P35 Main Street, Ardmore, Waterford

 

P35 Main Street, Ardmore, Waterford

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This property and the adjoining one were all part of the larger property next door which was a hotel. In 1916, the owner was William Harris whose occupation is listed as ‘Hotel Proprietor” in the 1911 census. The hotel was originally owned by Willoughbys who were succeeded by Ahernes. Harris was a veteran of The Boer War and took over the hotel approx 1908. He brought a sword home as a souvenir of The Boer War and if matters ever got out of hand in the bar he used the sword to clear the house. Two of the younger Harris' became Jesuits and a sister Ciss Harris worked for De Valera in The Sunday Press as a checker for The Sunday Press crossword.This was part of the larger property next door which was a hotel owned by William Harris. The hotel was a great centre of commerce and tourism in Ireland. Parties of gentry & British officers and indeed locals used to come from then far away Youghal and Cappoquin for dances and parties. Dances were held in the back garden on a stage. Ciss Harris, listed in the attached school register of 1916, was  a great favourite in the village. In the absence of the resident church organist, Kitty Gartland (Flynn), Ciss would be called on as ‘stand in’. Before the age of modern day music systems the entertainment was always provided either by the participants or the locals.The census night, 2nd of April 1911, must have been very quiet as no guests are listed as staying the hotel.In the 1911 census William Harris lived in the hotel with his wife Ellen and his sons William Joseph, John Francis and Richard Joseph and their Sister Ellen Mary. During World War 1 the SS Folia was torpedoed in March 1917  and the surviving crew (there being no passengers) came ashore in the ships life boats at the Boat Cove and they were subsequently lined up for roll call in front of Harris' Hotel. Clothing, food & footwear were hurriedly supplied by the local people. The only offerings the unfortunate crew could give in return were some conch shells they had salvaged from the ill-fated ship.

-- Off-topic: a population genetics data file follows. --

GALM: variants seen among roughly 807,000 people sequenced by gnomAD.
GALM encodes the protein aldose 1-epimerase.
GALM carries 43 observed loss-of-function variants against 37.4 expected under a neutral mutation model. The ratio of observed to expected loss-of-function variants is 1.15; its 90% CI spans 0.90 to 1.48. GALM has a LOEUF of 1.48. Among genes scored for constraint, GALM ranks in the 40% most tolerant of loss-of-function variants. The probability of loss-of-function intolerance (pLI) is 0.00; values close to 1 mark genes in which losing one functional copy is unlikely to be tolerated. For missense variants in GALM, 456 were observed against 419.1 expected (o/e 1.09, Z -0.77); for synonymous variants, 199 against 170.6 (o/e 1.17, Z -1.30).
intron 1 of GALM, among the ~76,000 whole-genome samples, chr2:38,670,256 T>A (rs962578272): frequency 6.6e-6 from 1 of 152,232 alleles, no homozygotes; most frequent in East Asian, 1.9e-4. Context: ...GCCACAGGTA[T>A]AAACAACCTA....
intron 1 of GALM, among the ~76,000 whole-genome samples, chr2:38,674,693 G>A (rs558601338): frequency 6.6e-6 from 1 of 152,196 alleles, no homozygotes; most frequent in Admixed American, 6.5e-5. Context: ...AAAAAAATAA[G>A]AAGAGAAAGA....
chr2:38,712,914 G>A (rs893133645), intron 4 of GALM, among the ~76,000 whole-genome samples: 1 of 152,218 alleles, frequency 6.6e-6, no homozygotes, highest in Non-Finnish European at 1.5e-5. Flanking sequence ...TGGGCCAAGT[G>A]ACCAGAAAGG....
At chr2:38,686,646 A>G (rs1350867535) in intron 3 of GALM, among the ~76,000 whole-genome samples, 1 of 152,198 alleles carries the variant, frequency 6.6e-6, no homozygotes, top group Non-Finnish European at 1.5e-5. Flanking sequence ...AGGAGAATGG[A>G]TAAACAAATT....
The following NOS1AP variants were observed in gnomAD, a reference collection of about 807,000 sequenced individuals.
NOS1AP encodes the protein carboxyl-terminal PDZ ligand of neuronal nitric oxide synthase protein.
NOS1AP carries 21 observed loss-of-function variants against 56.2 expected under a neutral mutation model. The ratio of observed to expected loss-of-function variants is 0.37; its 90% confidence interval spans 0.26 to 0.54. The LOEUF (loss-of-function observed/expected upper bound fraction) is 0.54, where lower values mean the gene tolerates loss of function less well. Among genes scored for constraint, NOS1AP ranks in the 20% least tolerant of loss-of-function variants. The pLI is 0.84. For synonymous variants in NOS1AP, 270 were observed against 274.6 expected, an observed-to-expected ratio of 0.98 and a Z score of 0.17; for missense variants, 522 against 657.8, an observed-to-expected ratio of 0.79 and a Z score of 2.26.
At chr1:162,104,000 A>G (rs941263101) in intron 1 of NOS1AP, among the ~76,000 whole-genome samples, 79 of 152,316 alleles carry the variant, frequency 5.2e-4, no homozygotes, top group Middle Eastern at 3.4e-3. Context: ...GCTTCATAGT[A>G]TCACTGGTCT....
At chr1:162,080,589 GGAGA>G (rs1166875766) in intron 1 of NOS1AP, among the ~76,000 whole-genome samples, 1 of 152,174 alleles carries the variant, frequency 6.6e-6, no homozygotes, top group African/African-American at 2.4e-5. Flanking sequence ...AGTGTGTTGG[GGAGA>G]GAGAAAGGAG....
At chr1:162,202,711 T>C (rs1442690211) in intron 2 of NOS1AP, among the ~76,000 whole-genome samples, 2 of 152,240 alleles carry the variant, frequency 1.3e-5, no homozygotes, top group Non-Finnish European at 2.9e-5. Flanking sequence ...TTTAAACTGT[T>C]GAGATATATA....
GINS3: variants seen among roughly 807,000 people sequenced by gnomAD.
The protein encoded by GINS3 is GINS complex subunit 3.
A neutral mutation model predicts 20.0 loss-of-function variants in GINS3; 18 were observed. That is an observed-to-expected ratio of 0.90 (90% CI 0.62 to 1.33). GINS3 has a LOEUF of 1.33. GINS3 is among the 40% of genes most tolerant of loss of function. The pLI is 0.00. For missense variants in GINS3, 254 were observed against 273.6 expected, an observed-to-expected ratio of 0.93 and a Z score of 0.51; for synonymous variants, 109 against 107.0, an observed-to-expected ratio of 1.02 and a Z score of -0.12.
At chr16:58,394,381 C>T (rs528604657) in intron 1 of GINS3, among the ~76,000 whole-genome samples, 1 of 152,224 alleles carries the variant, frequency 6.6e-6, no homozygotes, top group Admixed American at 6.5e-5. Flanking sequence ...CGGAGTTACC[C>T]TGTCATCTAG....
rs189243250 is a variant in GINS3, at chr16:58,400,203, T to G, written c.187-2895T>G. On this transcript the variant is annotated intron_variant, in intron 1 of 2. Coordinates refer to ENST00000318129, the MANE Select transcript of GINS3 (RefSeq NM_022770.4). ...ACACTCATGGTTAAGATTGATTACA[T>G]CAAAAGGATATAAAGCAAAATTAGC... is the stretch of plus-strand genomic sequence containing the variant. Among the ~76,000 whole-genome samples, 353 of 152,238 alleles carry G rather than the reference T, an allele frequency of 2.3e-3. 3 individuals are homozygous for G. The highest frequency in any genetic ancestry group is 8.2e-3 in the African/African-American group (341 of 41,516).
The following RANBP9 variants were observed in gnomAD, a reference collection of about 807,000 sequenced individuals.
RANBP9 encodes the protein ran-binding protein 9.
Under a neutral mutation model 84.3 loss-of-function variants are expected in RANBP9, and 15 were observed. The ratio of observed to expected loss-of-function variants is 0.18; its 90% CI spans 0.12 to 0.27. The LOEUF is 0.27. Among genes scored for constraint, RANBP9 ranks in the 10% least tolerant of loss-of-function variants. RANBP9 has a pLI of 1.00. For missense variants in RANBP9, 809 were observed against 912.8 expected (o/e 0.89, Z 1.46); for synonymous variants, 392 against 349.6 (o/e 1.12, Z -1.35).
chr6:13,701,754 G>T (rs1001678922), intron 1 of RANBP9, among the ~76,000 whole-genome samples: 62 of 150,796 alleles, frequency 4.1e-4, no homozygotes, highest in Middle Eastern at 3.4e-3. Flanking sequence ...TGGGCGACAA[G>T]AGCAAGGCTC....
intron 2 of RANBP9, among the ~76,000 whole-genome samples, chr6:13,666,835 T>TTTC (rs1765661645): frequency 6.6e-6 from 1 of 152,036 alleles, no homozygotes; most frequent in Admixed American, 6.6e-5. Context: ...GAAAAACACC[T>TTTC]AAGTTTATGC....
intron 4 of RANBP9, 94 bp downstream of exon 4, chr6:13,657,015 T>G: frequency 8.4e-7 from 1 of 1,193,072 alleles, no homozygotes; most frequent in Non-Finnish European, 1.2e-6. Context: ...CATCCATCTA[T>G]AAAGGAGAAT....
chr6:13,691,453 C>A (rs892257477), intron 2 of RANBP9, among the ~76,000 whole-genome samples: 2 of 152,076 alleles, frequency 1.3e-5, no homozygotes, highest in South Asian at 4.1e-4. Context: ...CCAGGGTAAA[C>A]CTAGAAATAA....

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Ireland